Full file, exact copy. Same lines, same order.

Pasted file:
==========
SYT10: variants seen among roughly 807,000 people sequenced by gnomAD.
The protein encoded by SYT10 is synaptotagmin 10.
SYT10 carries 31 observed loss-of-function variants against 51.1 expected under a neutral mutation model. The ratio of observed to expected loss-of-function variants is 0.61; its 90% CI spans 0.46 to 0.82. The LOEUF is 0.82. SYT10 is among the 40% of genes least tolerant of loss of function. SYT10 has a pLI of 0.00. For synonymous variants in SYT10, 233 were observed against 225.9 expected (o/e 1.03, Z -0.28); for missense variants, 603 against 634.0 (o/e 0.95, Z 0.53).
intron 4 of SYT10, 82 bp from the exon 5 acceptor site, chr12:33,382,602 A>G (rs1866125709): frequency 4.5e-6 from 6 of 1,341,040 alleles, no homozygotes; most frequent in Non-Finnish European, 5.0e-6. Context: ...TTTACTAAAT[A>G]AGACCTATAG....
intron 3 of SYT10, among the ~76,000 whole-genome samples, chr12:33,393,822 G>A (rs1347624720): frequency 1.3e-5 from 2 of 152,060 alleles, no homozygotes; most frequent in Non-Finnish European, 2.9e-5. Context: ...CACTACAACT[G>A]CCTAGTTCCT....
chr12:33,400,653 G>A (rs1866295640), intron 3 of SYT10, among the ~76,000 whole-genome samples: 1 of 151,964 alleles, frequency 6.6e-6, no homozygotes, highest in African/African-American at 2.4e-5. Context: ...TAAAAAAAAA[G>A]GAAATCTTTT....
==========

SYT10: variants seen among roughly 807,000 people sequenced by gnomAD.
The protein encoded by SYT10 is synaptotagmin 10.
SYT10 carries 31 observed loss-of-function variants against 51.1 expected under a neutral mutation model. The ratio of observed to expected loss-of-function variants is 0.61; its 90% CI spans 0.46 to 0.82. The LOEUF is 0.82. SYT10 is among the 40% of genes least tolerant of loss of function. SYT10 has a pLI of 0.00. For synonymous variants in SYT10, 233 were observed against 225.9 expected (o/e 1.03, Z -0.28); for missense variants, 603 against 634.0 (o/e 0.95, Z 0.53).
intron 4 of SYT10, 82 bp from the exon 5 acceptor site, chr12:33,382,602 A>G (rs1866125709): frequency 4.5e-6 from 6 of 1,341,040 alleles, no homozygotes; most frequent in Non-Finnish European, 5.0e-6. Context: ...TTTACTAAAT[A>G]AGACCTATAG....
intron 3 of SYT10, among the ~76,000 whole-genome samples, chr12:33,393,822 G>A (rs1347624720): frequency 1.3e-5 from 2 of 152,060 alleles, no homozygotes; most frequent in Non-Finnish European, 2.9e-5. Context: ...CACTACAACT[G>A]CCTAGTTCCT....
chr12:33,400,653 G>A (rs1866295640), intron 3 of SYT10, among the ~76,000 whole-genome samples: 1 of 151,964 alleles, frequency 6.6e-6, no homozygotes, highest in African/African-American at 2.4e-5. Context: ...TAAAAAAAAA[G>A]GAAATCTTTT....